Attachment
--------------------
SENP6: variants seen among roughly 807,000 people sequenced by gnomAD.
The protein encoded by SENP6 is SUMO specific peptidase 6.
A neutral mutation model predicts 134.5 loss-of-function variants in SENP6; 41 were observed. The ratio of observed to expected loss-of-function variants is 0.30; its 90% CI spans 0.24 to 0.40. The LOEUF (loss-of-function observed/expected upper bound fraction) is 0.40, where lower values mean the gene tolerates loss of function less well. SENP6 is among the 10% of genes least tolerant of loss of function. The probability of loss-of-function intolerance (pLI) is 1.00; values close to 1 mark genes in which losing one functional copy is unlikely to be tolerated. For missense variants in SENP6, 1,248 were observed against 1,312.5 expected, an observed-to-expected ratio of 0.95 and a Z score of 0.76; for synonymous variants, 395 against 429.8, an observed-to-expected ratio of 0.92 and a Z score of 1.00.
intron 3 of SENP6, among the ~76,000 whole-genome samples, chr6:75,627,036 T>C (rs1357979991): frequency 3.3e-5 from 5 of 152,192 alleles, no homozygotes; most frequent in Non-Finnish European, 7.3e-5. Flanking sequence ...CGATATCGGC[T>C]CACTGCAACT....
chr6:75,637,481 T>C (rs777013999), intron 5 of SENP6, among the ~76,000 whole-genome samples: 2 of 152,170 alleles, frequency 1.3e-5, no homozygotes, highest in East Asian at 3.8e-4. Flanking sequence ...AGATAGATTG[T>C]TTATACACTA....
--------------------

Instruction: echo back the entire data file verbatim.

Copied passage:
SENP6: variants seen among roughly 807,000 people sequenced by gnomAD.
The protein encoded by SENP6 is SUMO specific peptidase 6.
A neutral mutation model predicts 134.5 loss-of-function variants in SENP6; 41 were observed. The ratio of observed to expected loss-of-function variants is 0.30; its 90% CI spans 0.24 to 0.40. The LOEUF (loss-of-function observed/expected upper bound fraction) is 0.40, where lower values mean the gene tolerates loss of function less well. SENP6 is among the 10% of genes least tolerant of loss of function. The probability of loss-of-function intolerance (pLI) is 1.00; values close to 1 mark genes in which losing one functional copy is unlikely to be tolerated. For missense variants in SENP6, 1,248 were observed against 1,312.5 expected, an observed-to-expected ratio of 0.95 and a Z score of 0.76; for synonymous variants, 395 against 429.8, an observed-to-expected ratio of 0.92 and a Z score of 1.00.
intron 3 of SENP6, among the ~76,000 whole-genome samples, chr6:75,627,036 T>C (rs1357979991): frequency 3.3e-5 from 5 of 152,192 alleles, no homozygotes; most frequent in Non-Finnish European, 7.3e-5. Flanking sequence ...CGATATCGGC[T>C]CACTGCAACT....
chr6:75,637,481 T>C (rs777013999), intron 5 of SENP6, among the ~76,000 whole-genome samples: 2 of 152,170 alleles, frequency 1.3e-5, no homozygotes, highest in East Asian at 3.8e-4. Flanking sequence ...AGATAGATTG[T>C]TTATACACTA....